Interview - Jungle
One of Splendour's most hyped acts get deep with Liam Apter.
Jungle quickly became a sensation by the end of 2013 with only two singles, Platoon and The Heat because of their brilliant videos. Featuring B-Girl Terra and High Rollaz respectively it was hard not to love the simplistic but irresistible nature of their music. Come 2014, Jungle rolled out with Busy Earnin', Time and now they're on their way down for Splendour In The Grass. Liam Apter got a hold of one half of Jungle, Josh, the other being Thomas which is short for J and T respectively. They quickly dispelled the anonymous tagline of Jungle, something created by the internet, and got down to the importance of being honest in music. Furthermore, they grappled with the issue of ego, dealing with expectation in a world that demands so much and how seeking appreciation from others constantly is ultimately corrupting. It isn't your typical interview where the band pumps out fluffy answers, and if you're lucky you might come away thinking about things differently.
Along with Splendour, east coast peeps can catch them at one of the following:
How have the recent run of shows been?
Yeah yeah, amazing. We just got back from Europe and we played some cool festivals. Some big festivals, some little festivals, ya know? That was the first time we done that kind of stuff so for us it's been a really cool, new experience.
Sweet man. Something you guys are known for is that people don't know you. How does that work live?
I think the fact that people don't know us is because we aren't really that big. So on-stage we are just normal people and I think the whole kind of anonymous thing which we get asked about a lot is something that the internet has kind of taken and made into our tagline. And I think that kind of happened because of the videos and the way we put out our art out. We haven't really put pictures of ourselves up yet and that felt kind of awkward. It's like taking a selfie and putting it up. It's just like taking a picture of yourself and putting it online. It just feels a bit weird and obviously other people can do that and that is fine. It's just that sort of self-promotion thing which we are against.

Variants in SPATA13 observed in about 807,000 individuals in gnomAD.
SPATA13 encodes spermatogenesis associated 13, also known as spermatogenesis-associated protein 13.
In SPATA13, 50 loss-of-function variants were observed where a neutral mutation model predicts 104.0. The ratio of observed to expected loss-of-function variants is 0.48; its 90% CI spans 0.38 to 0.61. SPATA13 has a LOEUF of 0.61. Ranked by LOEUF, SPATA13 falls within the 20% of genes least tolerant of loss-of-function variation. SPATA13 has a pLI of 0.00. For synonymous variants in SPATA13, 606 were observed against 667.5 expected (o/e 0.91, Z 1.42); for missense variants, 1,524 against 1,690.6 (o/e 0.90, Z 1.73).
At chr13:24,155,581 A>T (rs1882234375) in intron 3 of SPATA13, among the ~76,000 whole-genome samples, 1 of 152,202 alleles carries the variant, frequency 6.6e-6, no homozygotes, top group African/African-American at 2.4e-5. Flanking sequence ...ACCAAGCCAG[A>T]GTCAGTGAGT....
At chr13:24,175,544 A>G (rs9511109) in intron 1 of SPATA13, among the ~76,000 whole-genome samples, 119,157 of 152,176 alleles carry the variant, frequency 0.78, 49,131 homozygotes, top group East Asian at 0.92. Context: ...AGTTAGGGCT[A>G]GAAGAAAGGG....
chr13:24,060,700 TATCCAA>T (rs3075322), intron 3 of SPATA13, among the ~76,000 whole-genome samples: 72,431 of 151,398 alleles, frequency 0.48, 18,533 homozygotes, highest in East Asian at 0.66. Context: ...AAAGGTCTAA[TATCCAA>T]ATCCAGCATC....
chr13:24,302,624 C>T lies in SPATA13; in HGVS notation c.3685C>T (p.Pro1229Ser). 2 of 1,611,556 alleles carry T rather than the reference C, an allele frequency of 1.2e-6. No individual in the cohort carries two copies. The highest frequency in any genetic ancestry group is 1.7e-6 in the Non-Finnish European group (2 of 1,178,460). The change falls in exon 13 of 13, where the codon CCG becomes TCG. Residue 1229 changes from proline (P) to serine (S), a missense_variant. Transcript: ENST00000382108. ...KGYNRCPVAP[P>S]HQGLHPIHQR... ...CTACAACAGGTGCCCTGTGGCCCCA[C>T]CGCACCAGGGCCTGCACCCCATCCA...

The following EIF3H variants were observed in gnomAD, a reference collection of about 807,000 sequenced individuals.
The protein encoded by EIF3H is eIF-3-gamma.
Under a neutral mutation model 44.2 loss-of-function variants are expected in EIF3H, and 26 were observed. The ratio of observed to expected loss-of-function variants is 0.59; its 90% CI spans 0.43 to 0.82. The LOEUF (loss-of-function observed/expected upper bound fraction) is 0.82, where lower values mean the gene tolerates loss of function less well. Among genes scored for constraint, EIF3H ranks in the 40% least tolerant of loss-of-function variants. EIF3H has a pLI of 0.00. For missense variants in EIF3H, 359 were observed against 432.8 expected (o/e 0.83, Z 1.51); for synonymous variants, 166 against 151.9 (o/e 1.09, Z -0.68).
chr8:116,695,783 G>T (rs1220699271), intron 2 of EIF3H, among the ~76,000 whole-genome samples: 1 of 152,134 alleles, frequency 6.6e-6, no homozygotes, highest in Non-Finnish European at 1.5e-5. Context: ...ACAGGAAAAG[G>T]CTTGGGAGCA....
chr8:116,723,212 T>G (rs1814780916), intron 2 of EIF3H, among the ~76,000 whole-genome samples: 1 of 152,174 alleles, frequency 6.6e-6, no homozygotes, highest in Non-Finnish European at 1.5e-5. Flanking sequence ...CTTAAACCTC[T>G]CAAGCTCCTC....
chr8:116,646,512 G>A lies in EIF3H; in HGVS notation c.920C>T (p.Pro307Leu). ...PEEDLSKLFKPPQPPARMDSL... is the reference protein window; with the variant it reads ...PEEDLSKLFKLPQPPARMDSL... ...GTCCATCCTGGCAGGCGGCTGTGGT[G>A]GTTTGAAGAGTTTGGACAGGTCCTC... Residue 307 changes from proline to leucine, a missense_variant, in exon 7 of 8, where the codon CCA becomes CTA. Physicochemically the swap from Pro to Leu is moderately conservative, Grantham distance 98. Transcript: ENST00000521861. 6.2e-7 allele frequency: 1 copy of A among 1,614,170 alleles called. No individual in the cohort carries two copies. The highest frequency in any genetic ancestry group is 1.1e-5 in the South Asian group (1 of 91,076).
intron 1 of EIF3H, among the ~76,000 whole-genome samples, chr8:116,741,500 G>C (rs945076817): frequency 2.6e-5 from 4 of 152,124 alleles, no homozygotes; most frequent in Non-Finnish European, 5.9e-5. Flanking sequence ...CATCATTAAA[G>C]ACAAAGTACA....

So what would you say your tagline is then?
Ummm [laughter] what would you say our tag-line is? I don't know. Easy-going nice guys? [Laughter]
Fair enough. Something that has crossed over into all the press shots and music videos you have done so far is dance. You guys seem like to dance?
I think we are very heavily inspired by visual influences when we are writing the tracks. It tends to start with a place or a location. For example, The Heat, that's the beach for us. That's like a metaphor for a feeling and when it comes to videos it's always about trying to re-paint that feeling that we had before we even wrote the track. And with dance I suppose that is the subject, that is the expression. For us, dance kind of feels like the most basic, simplest form of human expression to music, visually. We haven't created anything different by putting a dancer in a music video but what we are trying to do differently is by presenting it simply, it's about that character. It's all about honesty for us.
What do you mean by honesty?
For us it's about not trying to hide the details in the video. You see dancers in videos and a lot of those dancers will have been in music videos before but I don't think anyone will ever remember them because they have probably been cut, they have lights, everything has been flashing at a million miles an hour. With what we do, we wanted to present them in a very simple way, showing that they are human, they are very normal and that is their performance. Not many cuts, no need for extravagent lights or any of those stupid things because it's all uncessary. It's just about the performance. It's about the connection between the audience and the performer really.
And what does your music add to the performance?